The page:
[H]e not busy being born is busy dying.
–Bob Dylan, “It’s Alright, Ma, (I’m Only Bleeding)”
OK, it may sound harsh, but Dylan is exactly right…. and we all know it.
When you look hard at your life and work, are you becoming an incumbent? Are you seeking–or assuming–the comfort of a status quo that serves you?
Or are you an insurgent, taking risks, making your way as a pioneer clearing a path toward the future?
There can be a lot of comfort and company, being an incumbent.
You can be an expert of sorts. But, if you’re not careful, you’ll morph into a museum piece, a curiosity, a remnant.
You may have been a vigorous insurgent at one time. You may continue to see yourself that way. But, in reality, you’ve slid into the comforts of incumbency.
Incumbency is Unstable
A great irony: incumbency, built on yesterday’s insurgency and productivity, can appear permanent, or at least stable.
In fact, it’s dangerous. Security is a self-serving proposition. It’s unlikely to end well.
In the best case, you’re ‘secure’ but stagnant.
In the worst case, your security is also a delusion. And your self-serving orientation leaves you bereft.
In Dylan’s duality, are you being born, or dying?
Here are few questions to think about:
—Have you changed your opinion on any significant issue in the past year? 5 years? 10 years? 20 years? This means an issue truly significant in your life. Unless you’re a former secretary of state or defense, it doesn’t count that you’ve changed your view of Russia’s international intentions.
—Are you living the New Year as a…. New Year? Or is it the Old Year with a new label? Most people are living the same year, over and over and over again, perhaps with minor adjustments. Then, when some life-altering event is forced upon them, they do a reset. How often we see people in mid-life coming out of a divorce, or a job crisis, or a health crisis…. only then, they may take the risks of making changes consistent with their values. Better late than never…. but better now than later.
—Are your friends and family and colleagues and customers helping you grow? Or are they holding you in place, for their own reasons?
—Are you taking on challenges that truly shake your world? This requires some thought and brutal honesty. It’s intensely personal. Only you can answer this. For example, many people find it hard to take risks in their business life, so changes there may be profound. Moving from being an employee to having a business Or, you might make the change from working in large institutions–having the cover and benefit of their power–to having your own enterprise, writing your own words and music, placing yourself directly on the line. What if, in your case, you’ve taken many risks that few take, but have avoided circumstances that most people navigate without much thought? If you’re a veteran skydiver, it’s not taking a real risk for you to go skydiving. The fact that many others are fearful and praise your daring means nothing. If your real challenge is public speaking, or learning a new discipline, or better attending to various relationships in your life and work, that’s where you need to focus.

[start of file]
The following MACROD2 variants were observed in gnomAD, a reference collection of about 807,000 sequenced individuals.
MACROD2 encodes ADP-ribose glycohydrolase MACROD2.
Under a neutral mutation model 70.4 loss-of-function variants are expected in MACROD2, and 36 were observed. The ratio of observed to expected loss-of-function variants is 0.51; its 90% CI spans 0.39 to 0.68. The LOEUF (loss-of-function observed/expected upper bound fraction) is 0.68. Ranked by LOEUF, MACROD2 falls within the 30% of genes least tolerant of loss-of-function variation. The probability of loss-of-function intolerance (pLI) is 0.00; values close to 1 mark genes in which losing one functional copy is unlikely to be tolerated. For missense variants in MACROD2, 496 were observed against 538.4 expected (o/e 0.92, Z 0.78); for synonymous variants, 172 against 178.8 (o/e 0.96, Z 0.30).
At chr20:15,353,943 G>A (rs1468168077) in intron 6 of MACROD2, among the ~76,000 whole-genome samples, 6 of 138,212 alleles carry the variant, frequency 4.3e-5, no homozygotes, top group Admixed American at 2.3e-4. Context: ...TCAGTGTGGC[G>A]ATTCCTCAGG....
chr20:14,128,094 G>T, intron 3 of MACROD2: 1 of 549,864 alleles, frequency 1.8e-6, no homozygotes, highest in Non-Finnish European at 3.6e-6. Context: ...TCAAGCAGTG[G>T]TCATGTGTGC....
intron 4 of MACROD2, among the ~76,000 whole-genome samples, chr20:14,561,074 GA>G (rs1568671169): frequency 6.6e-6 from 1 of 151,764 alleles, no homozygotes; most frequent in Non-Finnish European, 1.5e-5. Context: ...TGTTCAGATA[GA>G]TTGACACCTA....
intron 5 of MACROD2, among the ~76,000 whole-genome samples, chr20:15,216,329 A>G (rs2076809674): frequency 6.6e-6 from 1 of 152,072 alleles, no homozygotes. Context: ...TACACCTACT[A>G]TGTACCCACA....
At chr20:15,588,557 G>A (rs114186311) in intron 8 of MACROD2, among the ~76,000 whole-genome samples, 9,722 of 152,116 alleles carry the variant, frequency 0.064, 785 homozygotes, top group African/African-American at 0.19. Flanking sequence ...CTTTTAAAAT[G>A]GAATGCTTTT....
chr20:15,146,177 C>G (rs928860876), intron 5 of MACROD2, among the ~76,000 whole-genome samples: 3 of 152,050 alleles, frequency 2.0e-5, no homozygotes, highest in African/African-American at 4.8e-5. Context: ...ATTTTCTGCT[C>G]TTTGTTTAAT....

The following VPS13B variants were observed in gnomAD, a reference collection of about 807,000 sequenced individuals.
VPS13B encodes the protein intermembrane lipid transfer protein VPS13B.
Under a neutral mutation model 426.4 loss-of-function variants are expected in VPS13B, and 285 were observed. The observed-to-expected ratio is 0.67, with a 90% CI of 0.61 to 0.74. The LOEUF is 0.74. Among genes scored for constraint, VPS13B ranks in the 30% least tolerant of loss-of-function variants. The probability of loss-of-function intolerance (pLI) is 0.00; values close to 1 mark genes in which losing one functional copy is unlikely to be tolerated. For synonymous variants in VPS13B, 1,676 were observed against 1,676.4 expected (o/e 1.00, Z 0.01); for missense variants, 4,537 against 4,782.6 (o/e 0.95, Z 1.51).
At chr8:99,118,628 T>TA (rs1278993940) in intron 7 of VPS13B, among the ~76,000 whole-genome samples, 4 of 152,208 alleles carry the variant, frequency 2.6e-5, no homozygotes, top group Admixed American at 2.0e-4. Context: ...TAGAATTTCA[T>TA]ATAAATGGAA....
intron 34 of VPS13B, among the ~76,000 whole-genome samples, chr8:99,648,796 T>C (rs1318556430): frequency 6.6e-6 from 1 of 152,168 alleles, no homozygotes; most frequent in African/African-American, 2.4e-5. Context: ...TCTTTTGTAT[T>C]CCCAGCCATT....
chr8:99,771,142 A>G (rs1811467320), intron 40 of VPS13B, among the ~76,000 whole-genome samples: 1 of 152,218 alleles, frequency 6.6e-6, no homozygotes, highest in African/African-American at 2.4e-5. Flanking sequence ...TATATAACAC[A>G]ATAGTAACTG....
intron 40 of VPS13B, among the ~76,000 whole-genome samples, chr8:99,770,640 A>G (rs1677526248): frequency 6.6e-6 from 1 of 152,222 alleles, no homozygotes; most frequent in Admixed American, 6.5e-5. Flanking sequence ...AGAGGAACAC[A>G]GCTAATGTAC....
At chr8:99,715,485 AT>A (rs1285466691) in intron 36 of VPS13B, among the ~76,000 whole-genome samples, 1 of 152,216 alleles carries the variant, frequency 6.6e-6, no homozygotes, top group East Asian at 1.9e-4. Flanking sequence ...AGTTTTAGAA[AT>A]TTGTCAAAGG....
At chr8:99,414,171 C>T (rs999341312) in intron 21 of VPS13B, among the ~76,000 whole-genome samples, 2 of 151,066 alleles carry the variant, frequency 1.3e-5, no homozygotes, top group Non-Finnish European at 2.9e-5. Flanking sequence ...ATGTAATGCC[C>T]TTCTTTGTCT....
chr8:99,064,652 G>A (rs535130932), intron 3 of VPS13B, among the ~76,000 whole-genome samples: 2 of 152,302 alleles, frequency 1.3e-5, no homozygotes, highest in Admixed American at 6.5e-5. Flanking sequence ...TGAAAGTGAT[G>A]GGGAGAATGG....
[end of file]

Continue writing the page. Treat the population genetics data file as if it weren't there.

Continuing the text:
—If you were to die in your sleep this evening, would you be satisfied with your life? This is not asking if you would choose to die tonight. Presumably you would not. Like most of us, your imagination doubtlessly conjures your having many, many miles to go before you sleep. That said, if you were to die unexpectedly, are your life and work accounts in order? Have you lived in a way that enables you to depart with the peace of knowing that you’ve done the absolute best you can, faithful to your deepest values?
—Are you leading your life? Or have you allowed circumstances to take control? Or are you leading the life that others chose for themselves, with you in their orbit? Are you leading the life that you envisioned as a twenty year-old–not making changes to reflect your growth at age 30? or 40? or 50? or 60? or 70? or 80? or 90? or 100? [don’t laugh: many people run an outdated soundtrack of living in their mind long after the world has moved on, just as Norma Desmond would watch her long outdated silent films in her pitiable, isolated, delusional dotage.]
Serving Others Means Constant Rebirth, Regeneration
Over the course of the coming week, take a hard look at your life as you actually live it.
Examine the effects of your actions on those with whom you have relationships. Think, from the point of view of others, how you affect people with whom you have even the most brief interaction. The child holding the door, just to prove to one and all that she can do it on her own. The old person who’s slow in navigating the street. The checker in the store who’s doing everything he can to serve unpredictable customers, demanding managers and those for whom they come to work every day. The young person, burdened with fears of the future and lacking the confidence born of experience, trying to make her way into the uncertain world now beckoning.
It just may be that serving others is the best way to be born, again and again.
Are You Being Born–or Busy Dying?